In clinical trials where patients are randomized between two treatment arms, not all patients comply with the treatment they were randomly assigned to. The reasons for (non)compliance may be associated with the outcome variable and thereby act as confounders. The standard way of analysing such trials is by the 'intention-to-treat' principle, which allows the use of permutation tests. Conclusions drawn from such tests do not depend on untested assumptions such as absence of confounding. However, this approach may yield biased estimators for the causal effects of treatments. We consider the estimation of such effects for clinical trials where non-compliers can be considered to have switched to the other trial arm. The most important example of this is the placebo-controlled clinical trial where no substantial placebo effects are anticipated. We consider the situation where the relationship between compliance, and thus treatment received, and outcome is influenced by unobserved confounders. The residual of the regression of the actual treatment indicator variable on the randomization arm indicator variable is shown to 'intercept' the effect of such confounders. Inclusion of this residual in a multivariate analysis, in conjunction with the treatment indicator variable, should thus adjust for confounding. Examples are given. In those examples, the results are similar to those obtained by more complex methods.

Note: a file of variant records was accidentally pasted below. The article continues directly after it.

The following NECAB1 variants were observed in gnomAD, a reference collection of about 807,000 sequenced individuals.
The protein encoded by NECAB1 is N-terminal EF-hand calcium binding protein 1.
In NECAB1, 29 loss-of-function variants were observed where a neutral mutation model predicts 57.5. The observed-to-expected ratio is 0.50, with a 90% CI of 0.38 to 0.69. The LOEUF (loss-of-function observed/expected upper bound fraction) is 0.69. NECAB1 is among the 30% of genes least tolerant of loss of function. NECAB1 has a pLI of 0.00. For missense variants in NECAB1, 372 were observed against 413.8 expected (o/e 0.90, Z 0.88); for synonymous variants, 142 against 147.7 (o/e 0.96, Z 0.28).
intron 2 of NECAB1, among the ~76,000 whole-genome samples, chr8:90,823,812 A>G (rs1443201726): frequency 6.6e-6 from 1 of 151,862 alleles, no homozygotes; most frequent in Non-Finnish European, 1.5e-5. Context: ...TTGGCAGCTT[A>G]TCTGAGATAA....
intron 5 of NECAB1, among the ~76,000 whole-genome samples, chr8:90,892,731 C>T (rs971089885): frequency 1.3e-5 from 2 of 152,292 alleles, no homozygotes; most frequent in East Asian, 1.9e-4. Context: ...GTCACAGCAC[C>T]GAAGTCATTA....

Copyright 2000 John Wiley & Sons, Ltd.